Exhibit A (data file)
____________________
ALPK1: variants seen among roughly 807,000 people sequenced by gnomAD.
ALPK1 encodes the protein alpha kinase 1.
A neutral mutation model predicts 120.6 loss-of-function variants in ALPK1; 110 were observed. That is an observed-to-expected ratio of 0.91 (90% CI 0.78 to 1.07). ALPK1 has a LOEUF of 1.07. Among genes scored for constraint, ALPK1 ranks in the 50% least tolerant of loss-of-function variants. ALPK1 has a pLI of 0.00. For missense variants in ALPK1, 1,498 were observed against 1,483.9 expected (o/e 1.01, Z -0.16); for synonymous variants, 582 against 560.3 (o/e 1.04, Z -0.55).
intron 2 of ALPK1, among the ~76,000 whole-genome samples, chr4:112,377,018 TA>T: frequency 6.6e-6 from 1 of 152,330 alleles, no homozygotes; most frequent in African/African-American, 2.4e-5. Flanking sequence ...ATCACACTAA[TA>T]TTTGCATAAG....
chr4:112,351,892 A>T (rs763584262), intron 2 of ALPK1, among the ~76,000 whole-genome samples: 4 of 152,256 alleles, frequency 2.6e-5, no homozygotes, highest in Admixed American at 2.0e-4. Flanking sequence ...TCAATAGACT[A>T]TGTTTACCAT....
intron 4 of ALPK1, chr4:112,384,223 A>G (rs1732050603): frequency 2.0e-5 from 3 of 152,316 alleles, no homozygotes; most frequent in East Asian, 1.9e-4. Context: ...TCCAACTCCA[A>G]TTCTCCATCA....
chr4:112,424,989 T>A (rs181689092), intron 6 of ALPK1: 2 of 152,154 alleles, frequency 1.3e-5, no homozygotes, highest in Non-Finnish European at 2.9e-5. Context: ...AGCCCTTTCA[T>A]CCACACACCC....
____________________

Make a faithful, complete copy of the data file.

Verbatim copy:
ALPK1: variants seen among roughly 807,000 people sequenced by gnomAD.
ALPK1 encodes the protein alpha kinase 1.
A neutral mutation model predicts 120.6 loss-of-function variants in ALPK1; 110 were observed. That is an observed-to-expected ratio of 0.91 (90% CI 0.78 to 1.07). ALPK1 has a LOEUF of 1.07. Among genes scored for constraint, ALPK1 ranks in the 50% least tolerant of loss-of-function variants. ALPK1 has a pLI of 0.00. For missense variants in ALPK1, 1,498 were observed against 1,483.9 expected (o/e 1.01, Z -0.16); for synonymous variants, 582 against 560.3 (o/e 1.04, Z -0.55).
intron 2 of ALPK1, among the ~76,000 whole-genome samples, chr4:112,377,018 TA>T: frequency 6.6e-6 from 1 of 152,330 alleles, no homozygotes; most frequent in African/African-American, 2.4e-5. Flanking sequence ...ATCACACTAA[TA>T]TTTGCATAAG....
chr4:112,351,892 A>T (rs763584262), intron 2 of ALPK1, among the ~76,000 whole-genome samples: 4 of 152,256 alleles, frequency 2.6e-5, no homozygotes, highest in Admixed American at 2.0e-4. Flanking sequence ...TCAATAGACT[A>T]TGTTTACCAT....
intron 4 of ALPK1, chr4:112,384,223 A>G (rs1732050603): frequency 2.0e-5 from 3 of 152,316 alleles, no homozygotes; most frequent in East Asian, 1.9e-4. Context: ...TCCAACTCCA[A>G]TTCTCCATCA....
chr4:112,424,989 T>A (rs181689092), intron 6 of ALPK1: 2 of 152,154 alleles, frequency 1.3e-5, no homozygotes, highest in Non-Finnish European at 2.9e-5. Context: ...AGCCCTTTCA[T>A]CCACACACCC....